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Bangladesh can look to this unlikely place to fix its garment sector

  • Sarah Labowitz
By Sarah Labowitz

Co-founder, Center for Business and Human Rights, NYU Stern School of Business

Published Last updated This article is more than 2 years old.
Bishawjit Das for NYU Stern Center for Business and Human Rights
A factory complex (July 2013) similar in design to Rana Plaza before it collapsed.

Detroit is a long way from Dhaka, but the American city’s efforts to address blight offer lessons for cleaning up the garment sector in Bangladesh. Released in May, the Detroit’s Blight Removal Task Force’s plan (pdf) offers a practical vision for addressing the more than 78,000 dilapidated buildings that are the primary obstacle to the city’s growth and vitality. In the year since the factory collapse in Dhaka, which killed more than 1,100 garment workers, brands and policymakers have focused on improving inspection in a subset of factories producing for the export market. Companies like the Gap, Wal-mart, H&M, Target, Zara, and Mango are wrestling with how to solve the problem of poor workplace safety in a country where the government doesn’t provide basic protections for workers in its number one export industry. The next important step for Bangladesh—and the brands and retailers that depend on the country’s apparel sector—is developing a comprehensive plan for relocating, closing, and fixing factories. Here’s where Detroit can help:

  1. Define the standard. The Blight Task Force defined blight according to a variety of factors, including structural soundness, fire damage, and health and safety. In Bangladesh, two private initiatives, the Alliance for Bangladesh Worker Safety and the Bangladesh Accord on Fire and Building Safety, have defined a common standard for factory safety. But this standard only applies to about 1,800 factories the brands and retailers acknowledge are part of their supply chains. It doesn’t apply broadly to the total universe of 5,000 to 6,000 factories and facilities likely producing for the export market. More work needs to be done to define safety standards that apply across the sector, including small facilities that operate in rented or mixed-use buildings and that often are not transparent to brands.
  1. Assess the universe. In Detroit, hundreds of workers spent months photographing and recording 380,000 parcels of land. Despite the fact that garments represent 80% of Bangladesh’s export economy, no one is certain how many factories are actually producing for the export market, much less the conditions in these factories. A similar effort is needed to build an authoritative database of garment facilities, including both registered and unregistered units.
Garment factories sit above a food stall and a market in Dhaka. (July 2013)
  1. Establish a task force. President Obama established the Blight Removal Task Force in September 2013. The task force includes the private sector, public officials, and nonprofit and philanthropic organizations. It has a clear mandate to develop straightforward and detailed recommendations to remove blight. A similar effort is needed in Bangladesh to bring together the Bangladeshi government, international brands and retailers, garment manufacturers from Bangladesh, foreign governments, unions, civil society groups, and development and donor organizations.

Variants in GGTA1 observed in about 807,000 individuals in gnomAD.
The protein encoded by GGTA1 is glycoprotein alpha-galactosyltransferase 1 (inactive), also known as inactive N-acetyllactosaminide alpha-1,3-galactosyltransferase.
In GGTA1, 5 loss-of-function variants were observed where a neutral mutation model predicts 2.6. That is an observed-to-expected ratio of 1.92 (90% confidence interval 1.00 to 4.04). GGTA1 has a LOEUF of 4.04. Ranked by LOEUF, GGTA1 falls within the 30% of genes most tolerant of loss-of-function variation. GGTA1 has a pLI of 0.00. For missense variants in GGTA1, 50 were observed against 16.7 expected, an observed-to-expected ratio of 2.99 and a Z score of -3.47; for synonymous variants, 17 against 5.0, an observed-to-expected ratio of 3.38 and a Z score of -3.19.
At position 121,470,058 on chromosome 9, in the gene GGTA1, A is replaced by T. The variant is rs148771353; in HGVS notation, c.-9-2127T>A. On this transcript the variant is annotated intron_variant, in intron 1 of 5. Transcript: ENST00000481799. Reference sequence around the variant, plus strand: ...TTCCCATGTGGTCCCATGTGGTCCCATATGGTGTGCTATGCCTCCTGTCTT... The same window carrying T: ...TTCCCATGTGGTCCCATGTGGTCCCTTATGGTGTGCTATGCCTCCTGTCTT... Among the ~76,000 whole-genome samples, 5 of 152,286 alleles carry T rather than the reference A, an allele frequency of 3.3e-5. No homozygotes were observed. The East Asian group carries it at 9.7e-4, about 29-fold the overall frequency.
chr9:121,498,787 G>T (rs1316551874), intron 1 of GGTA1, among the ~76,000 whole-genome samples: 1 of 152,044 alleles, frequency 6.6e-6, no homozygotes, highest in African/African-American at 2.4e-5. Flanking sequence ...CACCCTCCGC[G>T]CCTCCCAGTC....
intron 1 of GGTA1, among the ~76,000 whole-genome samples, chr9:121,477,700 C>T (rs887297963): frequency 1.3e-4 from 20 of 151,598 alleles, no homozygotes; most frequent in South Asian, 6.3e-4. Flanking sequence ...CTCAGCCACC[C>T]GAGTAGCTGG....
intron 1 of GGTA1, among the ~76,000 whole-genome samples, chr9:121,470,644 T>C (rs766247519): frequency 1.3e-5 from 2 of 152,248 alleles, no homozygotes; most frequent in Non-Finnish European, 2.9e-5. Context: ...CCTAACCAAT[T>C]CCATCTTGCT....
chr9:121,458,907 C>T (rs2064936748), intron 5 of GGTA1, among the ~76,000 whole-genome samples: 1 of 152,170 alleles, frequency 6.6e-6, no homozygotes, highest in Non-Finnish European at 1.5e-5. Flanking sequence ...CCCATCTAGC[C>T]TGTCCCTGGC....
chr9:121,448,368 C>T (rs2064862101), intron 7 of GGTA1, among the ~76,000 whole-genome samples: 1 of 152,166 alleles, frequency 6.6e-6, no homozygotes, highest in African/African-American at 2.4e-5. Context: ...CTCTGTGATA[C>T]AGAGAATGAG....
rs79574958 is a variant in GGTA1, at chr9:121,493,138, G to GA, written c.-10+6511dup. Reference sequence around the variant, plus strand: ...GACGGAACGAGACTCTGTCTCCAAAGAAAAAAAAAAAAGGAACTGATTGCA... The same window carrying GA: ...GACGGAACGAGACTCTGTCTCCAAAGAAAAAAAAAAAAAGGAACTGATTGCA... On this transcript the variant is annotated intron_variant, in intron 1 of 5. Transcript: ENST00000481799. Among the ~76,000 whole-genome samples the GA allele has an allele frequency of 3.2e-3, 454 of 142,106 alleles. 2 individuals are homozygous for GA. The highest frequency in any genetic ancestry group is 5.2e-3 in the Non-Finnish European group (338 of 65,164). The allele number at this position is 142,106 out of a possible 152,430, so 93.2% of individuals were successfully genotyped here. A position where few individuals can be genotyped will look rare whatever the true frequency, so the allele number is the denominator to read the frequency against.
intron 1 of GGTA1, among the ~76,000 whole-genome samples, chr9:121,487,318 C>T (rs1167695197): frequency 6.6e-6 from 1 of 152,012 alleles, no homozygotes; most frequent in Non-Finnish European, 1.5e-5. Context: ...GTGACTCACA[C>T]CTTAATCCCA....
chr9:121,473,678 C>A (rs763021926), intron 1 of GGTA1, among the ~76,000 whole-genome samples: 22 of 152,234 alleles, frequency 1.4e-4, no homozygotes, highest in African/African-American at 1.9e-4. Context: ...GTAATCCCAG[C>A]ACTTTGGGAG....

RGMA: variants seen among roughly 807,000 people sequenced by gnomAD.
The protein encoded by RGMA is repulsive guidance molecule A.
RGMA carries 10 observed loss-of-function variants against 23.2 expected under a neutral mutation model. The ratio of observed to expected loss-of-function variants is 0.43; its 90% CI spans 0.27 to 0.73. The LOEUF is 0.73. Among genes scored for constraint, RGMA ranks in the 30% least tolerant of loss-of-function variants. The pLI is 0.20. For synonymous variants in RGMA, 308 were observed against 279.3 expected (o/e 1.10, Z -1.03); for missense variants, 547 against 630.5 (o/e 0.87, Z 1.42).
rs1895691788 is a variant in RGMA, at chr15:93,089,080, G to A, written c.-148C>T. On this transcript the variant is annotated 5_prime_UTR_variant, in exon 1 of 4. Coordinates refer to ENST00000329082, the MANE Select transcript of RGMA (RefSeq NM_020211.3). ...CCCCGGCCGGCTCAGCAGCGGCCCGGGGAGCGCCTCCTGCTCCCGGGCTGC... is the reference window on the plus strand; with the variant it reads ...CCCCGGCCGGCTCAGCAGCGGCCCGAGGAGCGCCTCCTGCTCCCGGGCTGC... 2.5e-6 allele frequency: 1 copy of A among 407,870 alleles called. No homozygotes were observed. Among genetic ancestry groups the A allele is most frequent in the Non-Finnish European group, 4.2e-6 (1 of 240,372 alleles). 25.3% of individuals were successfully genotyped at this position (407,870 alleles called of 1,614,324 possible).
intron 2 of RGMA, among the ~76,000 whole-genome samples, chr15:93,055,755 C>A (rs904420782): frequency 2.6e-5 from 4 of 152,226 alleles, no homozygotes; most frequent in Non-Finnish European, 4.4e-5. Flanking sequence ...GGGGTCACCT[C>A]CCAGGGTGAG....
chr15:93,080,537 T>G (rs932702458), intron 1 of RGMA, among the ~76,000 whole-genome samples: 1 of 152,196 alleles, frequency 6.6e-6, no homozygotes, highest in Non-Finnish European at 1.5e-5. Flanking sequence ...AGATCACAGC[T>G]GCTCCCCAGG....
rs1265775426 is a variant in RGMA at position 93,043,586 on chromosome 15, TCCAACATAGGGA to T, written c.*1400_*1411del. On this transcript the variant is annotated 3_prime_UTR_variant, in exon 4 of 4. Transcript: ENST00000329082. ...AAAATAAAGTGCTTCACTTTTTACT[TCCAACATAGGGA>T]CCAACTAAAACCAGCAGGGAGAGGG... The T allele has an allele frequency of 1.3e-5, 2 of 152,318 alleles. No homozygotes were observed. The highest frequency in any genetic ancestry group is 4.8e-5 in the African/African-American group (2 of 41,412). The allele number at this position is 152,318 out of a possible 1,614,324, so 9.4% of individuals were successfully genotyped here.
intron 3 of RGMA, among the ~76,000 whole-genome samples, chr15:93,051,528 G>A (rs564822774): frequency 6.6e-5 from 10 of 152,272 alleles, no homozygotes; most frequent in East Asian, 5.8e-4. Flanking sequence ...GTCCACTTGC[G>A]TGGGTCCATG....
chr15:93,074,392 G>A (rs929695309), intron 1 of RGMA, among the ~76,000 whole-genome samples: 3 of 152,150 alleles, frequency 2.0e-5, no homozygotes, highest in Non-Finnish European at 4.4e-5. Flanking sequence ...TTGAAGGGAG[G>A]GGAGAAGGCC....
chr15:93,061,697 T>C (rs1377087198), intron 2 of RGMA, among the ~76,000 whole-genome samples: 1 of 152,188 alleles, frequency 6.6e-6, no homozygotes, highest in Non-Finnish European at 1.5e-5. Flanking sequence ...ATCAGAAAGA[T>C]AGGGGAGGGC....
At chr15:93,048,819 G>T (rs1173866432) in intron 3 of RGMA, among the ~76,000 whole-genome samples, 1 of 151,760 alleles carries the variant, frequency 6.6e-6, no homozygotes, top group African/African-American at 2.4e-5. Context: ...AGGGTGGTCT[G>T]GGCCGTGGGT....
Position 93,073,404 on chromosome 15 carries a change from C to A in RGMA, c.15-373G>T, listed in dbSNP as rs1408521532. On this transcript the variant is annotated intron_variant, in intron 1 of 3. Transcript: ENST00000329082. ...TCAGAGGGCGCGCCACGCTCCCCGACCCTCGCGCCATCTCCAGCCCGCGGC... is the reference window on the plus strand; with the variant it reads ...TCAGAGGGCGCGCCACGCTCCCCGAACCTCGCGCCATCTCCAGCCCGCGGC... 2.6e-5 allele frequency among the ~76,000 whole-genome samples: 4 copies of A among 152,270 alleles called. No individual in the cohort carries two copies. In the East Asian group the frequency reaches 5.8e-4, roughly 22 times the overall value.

1. Make practical recommendations. Like the Blight Task Force, a task force for the garment sector in Bangladesh would need a clear mandate to develop ambitious and concrete approaches to upgrade the sector as a whole. This will require a combination of strategies to develop new purpose-built areas for garment production, relocate factories and workers to these areas, make improvements to existing factories, and close factories that do not meet basic standards. Any recommendations should recognize the continued importance of subcontracting and the role of small, flexible producers in the supply chain.
Some of the smallest, riskiest factories fall outside the two private initiatives designed to inspect factories producing for the export market. (July 2013)
  1. Commit funds. President Obama has committed $300 million to Detroit, and the Blight Task Force predicts the total bill to remove residential blight will run to $850 million over several years. The plan is to raise these funds from a combination of federal, state and local sources, as well as the private sector and foundations. In Bangladesh, different actors have made contributions to support compensating victims of Rana Plaza, conducting inspections, training workers, and fixing some factories. But the funding has been dispersed through a series of difficult to understand pots of money, with little transparency about what has been spent. A consolidated fund is badly needed to implement comprehensive recommendations for upgrading the sector, with contributions from governments, brands and retailers, manufacturers, development organizations, and foundations.

“Eliminating all blight from Detroit is an enormous task, but Detroiters have the inventiveness, grit, and resiliency to get it done,” says the Blight Task Force plan. Bangladesh has yet to garner the political and industry leadership that will be required to tackle a comprehensive upgrade of its apparel sector. But Bangladeshis have the same kind of determination and ambition that are on display in Detroit. Since the arrival of the garment sector in the late 1970s, the country’s poverty rate has dropped by nearly one-third. Ensuring that the export garment sector continues to drive economic growth and respects workers’ rights is a challenge Bangladesh must get right.

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